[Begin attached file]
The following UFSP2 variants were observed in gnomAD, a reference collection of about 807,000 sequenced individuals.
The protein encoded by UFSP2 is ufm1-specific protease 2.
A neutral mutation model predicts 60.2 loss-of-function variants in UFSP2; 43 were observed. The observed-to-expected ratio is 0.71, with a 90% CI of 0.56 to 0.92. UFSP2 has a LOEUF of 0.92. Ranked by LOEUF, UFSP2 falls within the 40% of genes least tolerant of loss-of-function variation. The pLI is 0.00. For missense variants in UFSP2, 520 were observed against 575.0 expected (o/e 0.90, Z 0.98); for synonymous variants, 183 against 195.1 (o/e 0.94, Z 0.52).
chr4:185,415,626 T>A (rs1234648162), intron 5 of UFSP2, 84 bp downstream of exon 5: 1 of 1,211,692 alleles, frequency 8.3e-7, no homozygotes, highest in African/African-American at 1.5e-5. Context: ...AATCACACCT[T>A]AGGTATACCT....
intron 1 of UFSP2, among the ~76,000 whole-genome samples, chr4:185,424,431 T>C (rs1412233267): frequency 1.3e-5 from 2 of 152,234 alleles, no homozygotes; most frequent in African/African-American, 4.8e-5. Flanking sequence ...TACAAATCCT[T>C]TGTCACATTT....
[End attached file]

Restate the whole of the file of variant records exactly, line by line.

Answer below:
The following UFSP2 variants were observed in gnomAD, a reference collection of about 807,000 sequenced individuals.
The protein encoded by UFSP2 is ufm1-specific protease 2.
A neutral mutation model predicts 60.2 loss-of-function variants in UFSP2; 43 were observed. The observed-to-expected ratio is 0.71, with a 90% CI of 0.56 to 0.92. UFSP2 has a LOEUF of 0.92. Ranked by LOEUF, UFSP2 falls within the 40% of genes least tolerant of loss-of-function variation. The pLI is 0.00. For missense variants in UFSP2, 520 were observed against 575.0 expected (o/e 0.90, Z 0.98); for synonymous variants, 183 against 195.1 (o/e 0.94, Z 0.52).
chr4:185,415,626 T>A (rs1234648162), intron 5 of UFSP2, 84 bp downstream of exon 5: 1 of 1,211,692 alleles, frequency 8.3e-7, no homozygotes, highest in African/African-American at 1.5e-5. Context: ...AATCACACCT[T>A]AGGTATACCT....
intron 1 of UFSP2, among the ~76,000 whole-genome samples, chr4:185,424,431 T>C (rs1412233267): frequency 1.3e-5 from 2 of 152,234 alleles, no homozygotes; most frequent in African/African-American, 4.8e-5. Flanking sequence ...TACAAATCCT[T>C]TGTCACATTT....